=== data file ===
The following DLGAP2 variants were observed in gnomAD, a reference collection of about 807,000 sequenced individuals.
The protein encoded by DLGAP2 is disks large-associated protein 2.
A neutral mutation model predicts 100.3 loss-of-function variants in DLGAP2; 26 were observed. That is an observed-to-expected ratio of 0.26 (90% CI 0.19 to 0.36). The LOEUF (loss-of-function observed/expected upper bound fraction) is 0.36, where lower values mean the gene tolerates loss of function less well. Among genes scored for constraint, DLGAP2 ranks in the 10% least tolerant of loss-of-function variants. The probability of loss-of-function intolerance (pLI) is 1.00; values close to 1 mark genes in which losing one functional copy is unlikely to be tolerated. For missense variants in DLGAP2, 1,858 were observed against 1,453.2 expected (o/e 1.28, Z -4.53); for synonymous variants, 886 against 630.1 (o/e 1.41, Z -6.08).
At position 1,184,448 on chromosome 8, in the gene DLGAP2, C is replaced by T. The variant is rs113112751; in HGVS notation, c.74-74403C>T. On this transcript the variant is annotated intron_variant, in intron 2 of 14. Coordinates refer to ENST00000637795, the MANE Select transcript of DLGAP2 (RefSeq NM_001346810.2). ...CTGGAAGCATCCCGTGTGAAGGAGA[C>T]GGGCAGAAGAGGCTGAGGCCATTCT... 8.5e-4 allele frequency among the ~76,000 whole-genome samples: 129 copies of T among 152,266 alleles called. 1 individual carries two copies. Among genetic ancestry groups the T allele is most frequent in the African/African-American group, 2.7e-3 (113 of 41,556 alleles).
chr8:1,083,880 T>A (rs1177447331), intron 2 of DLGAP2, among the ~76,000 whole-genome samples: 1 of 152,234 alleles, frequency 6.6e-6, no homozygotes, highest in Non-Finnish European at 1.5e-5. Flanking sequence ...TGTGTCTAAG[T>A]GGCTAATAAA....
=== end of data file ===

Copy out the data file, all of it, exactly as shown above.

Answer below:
The following DLGAP2 variants were observed in gnomAD, a reference collection of about 807,000 sequenced individuals.
The protein encoded by DLGAP2 is disks large-associated protein 2.
A neutral mutation model predicts 100.3 loss-of-function variants in DLGAP2; 26 were observed. That is an observed-to-expected ratio of 0.26 (90% CI 0.19 to 0.36). The LOEUF (loss-of-function observed/expected upper bound fraction) is 0.36, where lower values mean the gene tolerates loss of function less well. Among genes scored for constraint, DLGAP2 ranks in the 10% least tolerant of loss-of-function variants. The probability of loss-of-function intolerance (pLI) is 1.00; values close to 1 mark genes in which losing one functional copy is unlikely to be tolerated. For missense variants in DLGAP2, 1,858 were observed against 1,453.2 expected (o/e 1.28, Z -4.53); for synonymous variants, 886 against 630.1 (o/e 1.41, Z -6.08).
At position 1,184,448 on chromosome 8, in the gene DLGAP2, C is replaced by T. The variant is rs113112751; in HGVS notation, c.74-74403C>T. On this transcript the variant is annotated intron_variant, in intron 2 of 14. Coordinates refer to ENST00000637795, the MANE Select transcript of DLGAP2 (RefSeq NM_001346810.2). ...CTGGAAGCATCCCGTGTGAAGGAGA[C>T]GGGCAGAAGAGGCTGAGGCCATTCT... 8.5e-4 allele frequency among the ~76,000 whole-genome samples: 129 copies of T among 152,266 alleles called. 1 individual carries two copies. Among genetic ancestry groups the T allele is most frequent in the African/African-American group, 2.7e-3 (113 of 41,556 alleles).
chr8:1,083,880 T>A (rs1177447331), intron 2 of DLGAP2, among the ~76,000 whole-genome samples: 1 of 152,234 alleles, frequency 6.6e-6, no homozygotes, highest in Non-Finnish European at 1.5e-5. Flanking sequence ...TGTGTCTAAG[T>A]GGCTAATAAA....